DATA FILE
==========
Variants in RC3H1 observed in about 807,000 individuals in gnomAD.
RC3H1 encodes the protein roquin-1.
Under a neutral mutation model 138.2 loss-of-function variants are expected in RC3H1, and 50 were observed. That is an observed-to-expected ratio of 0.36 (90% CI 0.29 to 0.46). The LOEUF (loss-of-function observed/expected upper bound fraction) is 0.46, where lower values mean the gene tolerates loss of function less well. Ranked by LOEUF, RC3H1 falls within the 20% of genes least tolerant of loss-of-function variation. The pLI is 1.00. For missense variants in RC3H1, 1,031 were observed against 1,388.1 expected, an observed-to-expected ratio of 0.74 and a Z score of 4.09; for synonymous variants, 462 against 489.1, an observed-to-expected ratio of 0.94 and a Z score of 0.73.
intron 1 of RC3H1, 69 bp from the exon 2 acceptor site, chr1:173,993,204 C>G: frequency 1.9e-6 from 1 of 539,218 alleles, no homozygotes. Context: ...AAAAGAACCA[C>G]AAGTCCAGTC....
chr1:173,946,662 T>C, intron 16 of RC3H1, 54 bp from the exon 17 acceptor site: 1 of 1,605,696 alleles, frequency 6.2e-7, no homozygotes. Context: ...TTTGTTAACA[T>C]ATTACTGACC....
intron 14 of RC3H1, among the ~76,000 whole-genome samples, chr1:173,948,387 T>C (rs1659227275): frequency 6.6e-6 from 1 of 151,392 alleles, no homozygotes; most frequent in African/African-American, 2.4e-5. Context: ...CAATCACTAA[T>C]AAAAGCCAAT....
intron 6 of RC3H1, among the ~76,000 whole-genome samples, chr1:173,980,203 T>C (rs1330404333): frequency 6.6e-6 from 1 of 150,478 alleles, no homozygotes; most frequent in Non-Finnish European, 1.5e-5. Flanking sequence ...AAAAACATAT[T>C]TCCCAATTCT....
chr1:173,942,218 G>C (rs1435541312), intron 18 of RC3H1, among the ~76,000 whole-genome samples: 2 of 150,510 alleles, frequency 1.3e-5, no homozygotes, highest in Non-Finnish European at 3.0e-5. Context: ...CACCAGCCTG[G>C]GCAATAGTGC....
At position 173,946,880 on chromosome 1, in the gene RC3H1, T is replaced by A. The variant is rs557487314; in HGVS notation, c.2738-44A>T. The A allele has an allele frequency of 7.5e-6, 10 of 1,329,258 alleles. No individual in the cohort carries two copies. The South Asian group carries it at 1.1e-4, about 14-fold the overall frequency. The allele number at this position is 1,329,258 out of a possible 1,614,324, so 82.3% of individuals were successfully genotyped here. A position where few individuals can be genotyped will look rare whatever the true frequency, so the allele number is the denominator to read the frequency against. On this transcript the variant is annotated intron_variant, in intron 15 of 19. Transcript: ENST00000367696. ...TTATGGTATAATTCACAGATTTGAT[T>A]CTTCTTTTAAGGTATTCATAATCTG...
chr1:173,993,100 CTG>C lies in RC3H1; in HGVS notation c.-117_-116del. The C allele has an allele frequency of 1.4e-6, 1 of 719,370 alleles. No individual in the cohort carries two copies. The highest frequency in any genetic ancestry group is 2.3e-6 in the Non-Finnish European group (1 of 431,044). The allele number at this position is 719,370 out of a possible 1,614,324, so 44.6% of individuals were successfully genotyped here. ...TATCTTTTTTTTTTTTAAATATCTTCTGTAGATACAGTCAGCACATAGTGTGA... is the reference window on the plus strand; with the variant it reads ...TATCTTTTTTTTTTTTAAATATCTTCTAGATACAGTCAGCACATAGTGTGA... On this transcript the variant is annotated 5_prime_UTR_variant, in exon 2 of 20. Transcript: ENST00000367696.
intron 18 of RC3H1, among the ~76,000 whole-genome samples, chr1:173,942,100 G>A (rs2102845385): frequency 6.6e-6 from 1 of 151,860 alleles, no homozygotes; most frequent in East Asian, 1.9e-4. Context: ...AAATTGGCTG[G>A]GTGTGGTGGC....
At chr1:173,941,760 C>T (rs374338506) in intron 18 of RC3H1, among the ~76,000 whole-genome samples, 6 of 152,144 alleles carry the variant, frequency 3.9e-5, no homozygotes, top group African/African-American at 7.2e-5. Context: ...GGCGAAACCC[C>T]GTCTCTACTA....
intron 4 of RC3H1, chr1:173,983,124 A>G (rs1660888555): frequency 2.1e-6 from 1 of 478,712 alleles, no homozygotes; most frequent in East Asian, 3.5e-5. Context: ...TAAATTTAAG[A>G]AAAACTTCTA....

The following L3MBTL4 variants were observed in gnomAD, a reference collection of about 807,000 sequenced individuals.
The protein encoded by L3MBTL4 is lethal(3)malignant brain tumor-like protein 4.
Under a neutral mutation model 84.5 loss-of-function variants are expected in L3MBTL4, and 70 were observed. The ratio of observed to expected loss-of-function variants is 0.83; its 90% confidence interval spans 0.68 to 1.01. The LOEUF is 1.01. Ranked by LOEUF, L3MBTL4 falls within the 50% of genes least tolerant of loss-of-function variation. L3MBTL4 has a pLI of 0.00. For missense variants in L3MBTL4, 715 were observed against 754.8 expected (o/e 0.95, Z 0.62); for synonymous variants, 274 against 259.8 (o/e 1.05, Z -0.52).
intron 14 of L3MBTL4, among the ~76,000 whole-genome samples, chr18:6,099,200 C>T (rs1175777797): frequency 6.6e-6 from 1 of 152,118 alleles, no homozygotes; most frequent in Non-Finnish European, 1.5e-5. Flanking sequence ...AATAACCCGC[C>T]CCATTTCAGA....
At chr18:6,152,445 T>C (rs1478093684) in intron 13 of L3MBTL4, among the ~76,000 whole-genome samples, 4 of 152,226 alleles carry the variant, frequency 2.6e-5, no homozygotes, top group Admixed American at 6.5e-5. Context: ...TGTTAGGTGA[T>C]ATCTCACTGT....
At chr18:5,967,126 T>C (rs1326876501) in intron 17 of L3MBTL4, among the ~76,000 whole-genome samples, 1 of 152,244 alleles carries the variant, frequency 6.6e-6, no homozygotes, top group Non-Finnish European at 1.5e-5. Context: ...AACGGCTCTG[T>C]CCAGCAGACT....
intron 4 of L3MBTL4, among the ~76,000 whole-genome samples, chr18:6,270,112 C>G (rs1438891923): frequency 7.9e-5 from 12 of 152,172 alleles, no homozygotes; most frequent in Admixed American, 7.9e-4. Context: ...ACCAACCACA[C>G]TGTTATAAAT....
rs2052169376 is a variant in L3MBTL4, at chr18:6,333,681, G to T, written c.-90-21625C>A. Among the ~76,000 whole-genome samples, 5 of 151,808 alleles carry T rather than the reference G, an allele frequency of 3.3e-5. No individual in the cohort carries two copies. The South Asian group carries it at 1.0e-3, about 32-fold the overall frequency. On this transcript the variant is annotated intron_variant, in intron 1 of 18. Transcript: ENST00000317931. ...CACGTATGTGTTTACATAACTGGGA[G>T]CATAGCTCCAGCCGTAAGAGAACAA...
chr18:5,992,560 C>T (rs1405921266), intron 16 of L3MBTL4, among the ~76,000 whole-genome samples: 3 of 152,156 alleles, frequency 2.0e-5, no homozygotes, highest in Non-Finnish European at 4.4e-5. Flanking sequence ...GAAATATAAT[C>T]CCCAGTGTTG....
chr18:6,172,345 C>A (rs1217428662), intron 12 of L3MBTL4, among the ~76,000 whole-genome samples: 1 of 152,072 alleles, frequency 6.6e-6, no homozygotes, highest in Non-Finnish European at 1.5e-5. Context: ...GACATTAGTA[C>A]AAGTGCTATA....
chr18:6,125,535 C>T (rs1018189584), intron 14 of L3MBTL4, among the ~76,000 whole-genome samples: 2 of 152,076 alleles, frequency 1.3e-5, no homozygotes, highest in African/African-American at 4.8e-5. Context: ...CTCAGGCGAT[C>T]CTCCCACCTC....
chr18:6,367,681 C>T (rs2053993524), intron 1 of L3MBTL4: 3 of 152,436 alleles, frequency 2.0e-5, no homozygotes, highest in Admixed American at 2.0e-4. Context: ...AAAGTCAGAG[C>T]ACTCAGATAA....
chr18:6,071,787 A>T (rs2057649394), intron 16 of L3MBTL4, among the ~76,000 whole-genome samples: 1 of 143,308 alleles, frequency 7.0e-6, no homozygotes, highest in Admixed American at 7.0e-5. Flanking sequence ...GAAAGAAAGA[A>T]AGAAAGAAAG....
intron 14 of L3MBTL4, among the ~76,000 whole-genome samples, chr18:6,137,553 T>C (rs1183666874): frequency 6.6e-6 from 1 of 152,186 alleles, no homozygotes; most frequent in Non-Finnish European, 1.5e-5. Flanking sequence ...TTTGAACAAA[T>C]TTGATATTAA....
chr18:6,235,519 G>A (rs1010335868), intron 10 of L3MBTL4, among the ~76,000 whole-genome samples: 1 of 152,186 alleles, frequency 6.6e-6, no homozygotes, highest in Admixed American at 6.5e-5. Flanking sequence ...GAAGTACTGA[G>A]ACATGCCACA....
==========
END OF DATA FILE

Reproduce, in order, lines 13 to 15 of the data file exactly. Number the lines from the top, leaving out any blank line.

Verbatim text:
intron 4 of RC3H1, chr1:173,983,124 A>G (rs1660888555): frequency 2.1e-6 from 1 of 478,712 alleles, no homozygotes; most frequent in East Asian, 3.5e-5. Context: ...TAAATTTAAG[A>G]AAAACTTCTA....

The following L3MBTL4 variants were observed in gnomAD, a reference collection of about 807,000 sequenced individuals.
The protein encoded by L3MBTL4 is lethal(3)malignant brain tumor-like protein 4.